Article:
BEAMER is delighted to announce that its project lead Claire Everitt, the Device Design and Engineering Team Leader in R&D at Pfizer and Aad R. Liefveld, a project member, have authored an article titled ‘Understanding Human Behavior To Help Improve Patient Adherence‘ published in Clinical Leader.
Unveiling the Urgent Context:
This article has been published due to the recognition of patient behaviour as a pivotal factor influencing the outcome of a treatment. Despite considerable efforts within the healthcare industry to bolster patient adherence through various means such as improving patient experiences, and fostering collaborative decision-making between healthcare professionals and patients, statistics indicate that these efforts have not substantially impacted adherence rates. This is why the BEAMER project was set up – to help address the persistent issue of low adherence rates in patient treatment and support. It is specifically designed with the aim of enhancing patient support and improving treatment adherence within healthcare systems.
The article, accessible here, illuminates the crucial factors that impact treatment adherence in healthcare.
Targeting real-world adherence improvements: BEAMER’s main goal is to significantly improve real-world adherence by emphasizing the necessity for stakeholders to embrace a model that goes beyond theory, emphasising simplicity, practicality, proven effectiveness, and reliance on factors that we can influence.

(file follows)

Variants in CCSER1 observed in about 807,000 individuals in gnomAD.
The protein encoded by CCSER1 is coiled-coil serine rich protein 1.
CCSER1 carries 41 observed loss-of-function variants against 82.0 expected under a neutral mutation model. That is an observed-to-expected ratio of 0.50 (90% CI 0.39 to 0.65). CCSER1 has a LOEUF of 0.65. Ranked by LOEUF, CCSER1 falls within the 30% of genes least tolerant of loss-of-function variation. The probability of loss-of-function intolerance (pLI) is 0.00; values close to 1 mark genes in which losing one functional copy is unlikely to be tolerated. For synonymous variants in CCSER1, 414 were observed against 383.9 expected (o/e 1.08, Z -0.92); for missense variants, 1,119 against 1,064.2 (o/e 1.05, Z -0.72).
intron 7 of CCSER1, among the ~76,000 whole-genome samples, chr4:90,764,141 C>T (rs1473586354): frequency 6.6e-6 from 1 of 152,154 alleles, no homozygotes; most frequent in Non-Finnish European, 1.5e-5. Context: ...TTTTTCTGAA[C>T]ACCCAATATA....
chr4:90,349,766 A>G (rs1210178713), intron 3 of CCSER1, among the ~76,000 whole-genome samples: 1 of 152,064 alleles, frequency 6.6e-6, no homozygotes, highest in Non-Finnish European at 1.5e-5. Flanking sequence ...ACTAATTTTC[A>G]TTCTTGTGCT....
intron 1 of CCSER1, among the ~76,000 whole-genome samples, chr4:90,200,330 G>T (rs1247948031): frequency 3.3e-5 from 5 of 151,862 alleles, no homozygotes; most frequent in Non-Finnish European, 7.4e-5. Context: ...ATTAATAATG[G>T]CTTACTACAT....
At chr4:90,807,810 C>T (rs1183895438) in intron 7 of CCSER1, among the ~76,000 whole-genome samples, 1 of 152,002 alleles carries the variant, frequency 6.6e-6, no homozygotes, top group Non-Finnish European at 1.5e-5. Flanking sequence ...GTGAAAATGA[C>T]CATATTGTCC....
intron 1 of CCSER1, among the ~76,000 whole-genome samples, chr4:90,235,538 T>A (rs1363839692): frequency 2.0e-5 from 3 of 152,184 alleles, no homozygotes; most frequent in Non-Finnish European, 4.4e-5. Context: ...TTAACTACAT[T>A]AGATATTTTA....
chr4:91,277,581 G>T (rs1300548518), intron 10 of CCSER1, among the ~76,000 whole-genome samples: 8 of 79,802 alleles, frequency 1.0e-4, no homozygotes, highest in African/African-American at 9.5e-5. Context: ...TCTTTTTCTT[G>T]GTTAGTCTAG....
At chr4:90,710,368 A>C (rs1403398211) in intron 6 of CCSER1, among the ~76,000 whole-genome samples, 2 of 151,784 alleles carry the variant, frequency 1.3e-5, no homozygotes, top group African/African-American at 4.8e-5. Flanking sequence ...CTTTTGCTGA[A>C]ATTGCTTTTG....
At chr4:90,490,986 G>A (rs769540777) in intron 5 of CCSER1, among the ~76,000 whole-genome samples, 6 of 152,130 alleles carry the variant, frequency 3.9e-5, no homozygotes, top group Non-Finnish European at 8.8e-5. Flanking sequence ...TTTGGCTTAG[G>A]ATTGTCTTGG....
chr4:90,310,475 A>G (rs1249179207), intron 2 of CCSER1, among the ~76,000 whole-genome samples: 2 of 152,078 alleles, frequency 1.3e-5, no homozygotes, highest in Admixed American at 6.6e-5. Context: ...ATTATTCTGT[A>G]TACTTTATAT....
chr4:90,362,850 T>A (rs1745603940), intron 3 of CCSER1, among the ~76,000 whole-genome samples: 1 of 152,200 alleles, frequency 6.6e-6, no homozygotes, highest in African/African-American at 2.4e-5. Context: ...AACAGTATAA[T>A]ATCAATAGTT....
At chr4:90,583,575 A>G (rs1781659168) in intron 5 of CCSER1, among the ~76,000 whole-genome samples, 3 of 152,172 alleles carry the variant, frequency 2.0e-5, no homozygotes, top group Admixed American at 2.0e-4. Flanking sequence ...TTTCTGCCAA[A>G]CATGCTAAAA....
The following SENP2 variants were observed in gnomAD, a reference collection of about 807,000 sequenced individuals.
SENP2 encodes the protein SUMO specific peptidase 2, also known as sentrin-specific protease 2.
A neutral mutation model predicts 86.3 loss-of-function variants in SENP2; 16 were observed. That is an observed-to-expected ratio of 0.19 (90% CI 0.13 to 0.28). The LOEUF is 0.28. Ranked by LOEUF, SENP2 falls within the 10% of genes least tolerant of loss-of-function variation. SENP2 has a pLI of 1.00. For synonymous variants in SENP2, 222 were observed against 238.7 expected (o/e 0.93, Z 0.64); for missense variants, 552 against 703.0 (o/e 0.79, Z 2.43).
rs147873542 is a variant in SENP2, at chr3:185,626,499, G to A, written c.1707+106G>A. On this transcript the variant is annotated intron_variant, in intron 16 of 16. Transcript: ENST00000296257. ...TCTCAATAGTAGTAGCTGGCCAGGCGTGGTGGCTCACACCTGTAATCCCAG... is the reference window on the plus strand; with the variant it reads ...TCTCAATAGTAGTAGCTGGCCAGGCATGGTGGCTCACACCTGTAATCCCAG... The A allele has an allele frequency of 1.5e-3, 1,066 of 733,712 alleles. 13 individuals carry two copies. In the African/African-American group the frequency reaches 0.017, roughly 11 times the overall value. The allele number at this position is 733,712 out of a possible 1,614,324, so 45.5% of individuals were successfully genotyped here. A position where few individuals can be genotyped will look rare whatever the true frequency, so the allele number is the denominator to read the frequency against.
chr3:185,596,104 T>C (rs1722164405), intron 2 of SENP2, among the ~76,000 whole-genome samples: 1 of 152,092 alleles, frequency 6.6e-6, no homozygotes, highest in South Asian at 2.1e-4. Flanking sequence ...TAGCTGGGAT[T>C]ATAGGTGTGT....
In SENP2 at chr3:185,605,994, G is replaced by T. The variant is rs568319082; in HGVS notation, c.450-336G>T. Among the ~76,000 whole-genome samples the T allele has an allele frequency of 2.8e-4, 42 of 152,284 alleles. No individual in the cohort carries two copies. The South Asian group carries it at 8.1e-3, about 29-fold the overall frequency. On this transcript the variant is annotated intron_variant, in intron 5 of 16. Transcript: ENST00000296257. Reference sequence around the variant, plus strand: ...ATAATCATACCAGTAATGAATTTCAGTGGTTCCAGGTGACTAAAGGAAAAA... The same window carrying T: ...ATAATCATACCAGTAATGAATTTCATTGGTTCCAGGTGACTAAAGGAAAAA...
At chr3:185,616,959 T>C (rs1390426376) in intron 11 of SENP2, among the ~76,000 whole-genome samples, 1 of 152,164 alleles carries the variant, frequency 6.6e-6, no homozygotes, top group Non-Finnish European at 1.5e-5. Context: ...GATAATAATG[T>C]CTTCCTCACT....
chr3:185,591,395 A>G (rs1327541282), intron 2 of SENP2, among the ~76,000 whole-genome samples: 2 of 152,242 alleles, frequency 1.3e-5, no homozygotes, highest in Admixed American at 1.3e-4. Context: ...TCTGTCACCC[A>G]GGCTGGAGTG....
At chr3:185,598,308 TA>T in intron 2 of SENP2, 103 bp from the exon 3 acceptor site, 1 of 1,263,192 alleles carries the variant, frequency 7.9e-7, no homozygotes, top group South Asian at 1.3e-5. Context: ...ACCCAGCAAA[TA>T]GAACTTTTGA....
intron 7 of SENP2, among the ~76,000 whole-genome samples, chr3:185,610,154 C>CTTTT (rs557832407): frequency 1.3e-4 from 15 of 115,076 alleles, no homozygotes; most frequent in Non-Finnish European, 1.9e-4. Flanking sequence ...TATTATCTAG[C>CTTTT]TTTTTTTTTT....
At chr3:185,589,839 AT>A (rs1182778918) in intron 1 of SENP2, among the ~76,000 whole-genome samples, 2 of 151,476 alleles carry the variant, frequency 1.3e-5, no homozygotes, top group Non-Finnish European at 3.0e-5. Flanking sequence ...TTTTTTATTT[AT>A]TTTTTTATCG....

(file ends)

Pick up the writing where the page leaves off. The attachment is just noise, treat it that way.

Validated: Validation through clinical studies involving 18,000 patients across six diverse treatment areas aims to establish the model’s effectiveness and disease-agnostic understanding, crucial for its acceptance and implementation as the basis for practical solutions.
Clinical Care and Clinical Research: Non-adherence is considered a greater issue during clinical care than in clinical studies; however, genuine issues also exist in clinical studies. After decades of improving clinical studies, the early dropout rate, across all conditions, is still substantial: up to 30%. Non-adherence therefore has a major effect on timelines, costs, efficacy, and clinical data sets.
Three years from now, the BEAMER project will deliver an environment where healthcare stakeholders can check a patient’s behavioral phenotype and the type of support needed to sustain or improve adherence behavior. Here, researchers can run simulations for specific treatments and target populations.
WHERE TO READ THE ARTICLE?
If you’re interested in discovering more, then click here to read the full article.